Vision, values, buy-in, dialogue

The Forsyth Barr Stadium ... what processes led to it being built? Photo by Jane Dawber.
The Forsyth Barr Stadium ... what processes led to it being built? Photo by Jane Dawber.
As the local body elections loom on the horizon, Chris Skellett makes a plea for effective community leadership.

Effective community leadership requires a clear strategic vision, an explicitly stated set of operational values, a strong sense of buy-in and clear communication with the stakeholders (i.e. the ratepayers).

Congratulations therefore to the University of Otago for fulfilling each of these criteria by recently unveiling its strategic vision for the campus.

However, in the broader case, our city demonstrably falls down in almost every aspect of the mix.

With the local elections nearly upon us, it is a good time to demand all parties address the obvious failings of recent years.

Individuals are not to blame. People play the roles assigned to them.

Local government by its very nature is controversial and issues-focused. There is always a lobby group prepared to take an oppositional stance to a positive suggestion.

But there are obvious problems with our current system of local government that need to be addressed.

Should there not be a strategic overview that we can all understand, and that serves to reference each and every planning decision that is subsequently made?

The strategic vision

In recent years, there has been genuine confusion for residents about why things happen the way they do.

People simply don't understand why the stadium, the harbour molars and the Chinese garden were ever built.

There seems no coherent overarching strategy.

Libraries are shifted, stadiums are built and roads are realigned with no clear overview.

We will shortly be losing our venue for A-grade one-day cricket (Carisbrook).

We have no suitable mid-size theatre or concert venue.

Conference options in the city are pathetic.

We have no co-ordinated strategy for the development of the waterfront.

The overwhelming impression is of a council that makes its decisions simply in reaction to specific problems.

The Regent Theatre suddenly needs $4 million, and we all seem surprised.

Mild panic sets in.

The money has already been spent on something else.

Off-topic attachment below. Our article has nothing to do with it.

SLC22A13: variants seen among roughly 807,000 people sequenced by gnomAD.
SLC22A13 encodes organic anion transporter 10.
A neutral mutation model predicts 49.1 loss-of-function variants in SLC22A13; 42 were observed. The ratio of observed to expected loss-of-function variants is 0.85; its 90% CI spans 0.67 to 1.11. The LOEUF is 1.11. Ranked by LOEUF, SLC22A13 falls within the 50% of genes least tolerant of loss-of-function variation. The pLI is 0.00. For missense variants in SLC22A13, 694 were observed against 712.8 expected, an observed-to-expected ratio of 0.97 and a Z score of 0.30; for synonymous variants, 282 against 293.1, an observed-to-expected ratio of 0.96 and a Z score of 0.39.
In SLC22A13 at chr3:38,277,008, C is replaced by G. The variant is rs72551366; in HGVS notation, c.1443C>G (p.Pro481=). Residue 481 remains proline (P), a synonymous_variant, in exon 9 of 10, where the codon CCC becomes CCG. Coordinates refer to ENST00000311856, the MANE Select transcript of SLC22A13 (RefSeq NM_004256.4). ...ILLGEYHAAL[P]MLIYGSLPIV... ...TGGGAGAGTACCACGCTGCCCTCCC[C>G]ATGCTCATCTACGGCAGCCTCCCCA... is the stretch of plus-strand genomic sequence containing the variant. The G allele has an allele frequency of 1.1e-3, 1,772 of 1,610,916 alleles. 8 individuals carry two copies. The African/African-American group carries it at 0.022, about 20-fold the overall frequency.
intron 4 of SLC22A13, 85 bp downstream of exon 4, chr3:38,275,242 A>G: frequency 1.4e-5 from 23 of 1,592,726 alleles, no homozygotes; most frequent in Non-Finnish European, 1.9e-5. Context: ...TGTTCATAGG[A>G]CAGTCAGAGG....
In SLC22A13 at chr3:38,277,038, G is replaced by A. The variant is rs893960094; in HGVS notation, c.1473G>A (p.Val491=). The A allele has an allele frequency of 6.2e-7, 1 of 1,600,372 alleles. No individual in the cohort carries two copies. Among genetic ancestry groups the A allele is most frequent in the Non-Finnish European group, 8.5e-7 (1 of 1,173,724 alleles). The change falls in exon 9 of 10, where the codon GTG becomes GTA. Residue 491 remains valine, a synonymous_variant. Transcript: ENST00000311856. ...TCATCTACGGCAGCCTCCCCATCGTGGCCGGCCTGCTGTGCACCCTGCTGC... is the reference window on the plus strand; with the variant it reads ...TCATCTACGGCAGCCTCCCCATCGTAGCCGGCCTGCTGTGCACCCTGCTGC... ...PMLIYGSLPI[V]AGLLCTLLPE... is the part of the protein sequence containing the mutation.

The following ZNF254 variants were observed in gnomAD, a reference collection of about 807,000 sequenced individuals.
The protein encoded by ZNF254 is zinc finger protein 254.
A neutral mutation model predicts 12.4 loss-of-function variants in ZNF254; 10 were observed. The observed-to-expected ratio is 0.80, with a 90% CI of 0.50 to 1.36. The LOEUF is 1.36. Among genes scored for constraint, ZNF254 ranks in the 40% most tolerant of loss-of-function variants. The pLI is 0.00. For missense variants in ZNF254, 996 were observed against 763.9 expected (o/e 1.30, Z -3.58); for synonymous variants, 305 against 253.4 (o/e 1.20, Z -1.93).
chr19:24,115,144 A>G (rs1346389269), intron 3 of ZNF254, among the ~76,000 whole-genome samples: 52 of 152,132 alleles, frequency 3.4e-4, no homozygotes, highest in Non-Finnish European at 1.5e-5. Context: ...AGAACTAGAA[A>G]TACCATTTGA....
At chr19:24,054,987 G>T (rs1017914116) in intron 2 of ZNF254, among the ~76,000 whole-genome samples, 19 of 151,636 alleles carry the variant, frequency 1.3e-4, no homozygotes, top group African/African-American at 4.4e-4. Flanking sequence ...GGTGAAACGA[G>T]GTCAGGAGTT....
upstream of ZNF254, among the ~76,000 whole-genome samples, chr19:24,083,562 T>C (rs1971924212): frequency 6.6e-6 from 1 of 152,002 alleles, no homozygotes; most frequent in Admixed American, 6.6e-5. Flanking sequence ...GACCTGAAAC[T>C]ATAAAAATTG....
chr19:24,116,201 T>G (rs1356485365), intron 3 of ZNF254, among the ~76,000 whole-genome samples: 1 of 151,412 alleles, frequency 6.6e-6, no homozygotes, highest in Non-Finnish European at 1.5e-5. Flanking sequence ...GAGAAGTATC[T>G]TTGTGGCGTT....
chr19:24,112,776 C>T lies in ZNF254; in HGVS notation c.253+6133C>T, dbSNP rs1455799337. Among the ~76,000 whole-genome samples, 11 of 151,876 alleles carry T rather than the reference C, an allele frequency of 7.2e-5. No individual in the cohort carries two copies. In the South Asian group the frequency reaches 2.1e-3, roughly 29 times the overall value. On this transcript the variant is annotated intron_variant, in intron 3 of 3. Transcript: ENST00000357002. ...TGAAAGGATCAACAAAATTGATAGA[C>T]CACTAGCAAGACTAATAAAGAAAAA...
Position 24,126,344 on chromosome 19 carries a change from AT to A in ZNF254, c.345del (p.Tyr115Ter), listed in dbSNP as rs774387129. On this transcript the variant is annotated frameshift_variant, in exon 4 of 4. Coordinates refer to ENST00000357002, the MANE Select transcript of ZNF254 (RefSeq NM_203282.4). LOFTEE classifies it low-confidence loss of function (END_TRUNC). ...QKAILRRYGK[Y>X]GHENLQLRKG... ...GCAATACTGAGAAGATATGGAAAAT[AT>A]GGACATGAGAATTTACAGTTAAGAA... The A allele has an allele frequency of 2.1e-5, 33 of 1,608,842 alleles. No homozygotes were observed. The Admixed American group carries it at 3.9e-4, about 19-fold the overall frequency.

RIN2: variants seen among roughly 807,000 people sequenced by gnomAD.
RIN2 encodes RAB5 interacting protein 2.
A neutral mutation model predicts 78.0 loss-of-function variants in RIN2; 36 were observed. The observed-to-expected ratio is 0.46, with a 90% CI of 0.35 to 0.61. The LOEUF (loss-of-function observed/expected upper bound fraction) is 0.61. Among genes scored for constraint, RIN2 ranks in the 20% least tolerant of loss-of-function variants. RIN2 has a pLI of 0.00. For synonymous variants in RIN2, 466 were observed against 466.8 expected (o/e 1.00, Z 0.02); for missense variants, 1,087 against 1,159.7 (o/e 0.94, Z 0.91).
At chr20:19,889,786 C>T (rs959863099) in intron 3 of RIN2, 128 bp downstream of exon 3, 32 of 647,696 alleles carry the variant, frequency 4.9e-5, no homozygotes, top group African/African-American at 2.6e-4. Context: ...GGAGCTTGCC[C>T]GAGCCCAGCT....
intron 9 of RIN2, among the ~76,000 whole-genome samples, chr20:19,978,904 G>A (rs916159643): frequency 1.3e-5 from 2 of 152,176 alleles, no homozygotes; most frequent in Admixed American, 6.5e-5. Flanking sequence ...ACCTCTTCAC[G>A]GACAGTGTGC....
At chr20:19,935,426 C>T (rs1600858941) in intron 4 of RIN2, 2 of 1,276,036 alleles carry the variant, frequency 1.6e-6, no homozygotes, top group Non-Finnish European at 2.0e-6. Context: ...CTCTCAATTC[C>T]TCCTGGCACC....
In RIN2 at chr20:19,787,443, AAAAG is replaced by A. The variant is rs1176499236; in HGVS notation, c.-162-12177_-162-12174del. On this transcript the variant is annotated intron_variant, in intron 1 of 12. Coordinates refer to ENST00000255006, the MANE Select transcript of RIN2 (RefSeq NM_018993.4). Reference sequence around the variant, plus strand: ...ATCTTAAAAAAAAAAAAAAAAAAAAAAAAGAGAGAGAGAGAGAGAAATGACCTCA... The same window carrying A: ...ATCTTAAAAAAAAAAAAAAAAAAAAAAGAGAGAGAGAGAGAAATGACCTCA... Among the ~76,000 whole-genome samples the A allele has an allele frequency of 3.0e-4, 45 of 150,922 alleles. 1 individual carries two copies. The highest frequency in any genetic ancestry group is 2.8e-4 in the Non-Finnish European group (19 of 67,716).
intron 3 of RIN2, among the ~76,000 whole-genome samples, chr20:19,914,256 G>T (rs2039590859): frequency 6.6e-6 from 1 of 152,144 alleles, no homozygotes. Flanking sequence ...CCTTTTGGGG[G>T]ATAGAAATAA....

By investing heavily in the new stadium, we are presumably developing an entertainment culture, designed to suck in dollars from around the country.

So surely we should now be encouraging the development of downstream accommodation options as a logical consequence?

But the recent announcement concerning the private purchase of the old post office building for redevelopment as a hotel seemed to dramatically cut across the council's own plans.


  So what will they do with the city library now?

And did we ever need to shift it anyway? Looking around town, we can clearly see the consequences of this ad hoc approach to planning.

We have somehow ended up with a huge white elephant in South Dunedin that once was called Carisbrook.

We also see a mishmash of architectural horrors in places such as the Queens Gardens, where the graceful lines of the Chinese garden collide with the forbidding slab wall extension to the Otago Settlers Museum, right beside the beautiful Victorian stonework of the harbourside buildings.

It's all so jarring on the senses.

Meanwhile, in South Dunedin, a new supermarket nestles up awkwardly beside the classic brickwork of our heritage gasworks museum.

Who on earth is actually planning all this? And just what is the overarching vision that they are striving for?

Inherent values

Values are curious concepts.

They are all around us, and they guide our decision-making.

Dunedin is a city where we all pride ourselves on the quality of life that is available here.

We are a centre of academic excellence.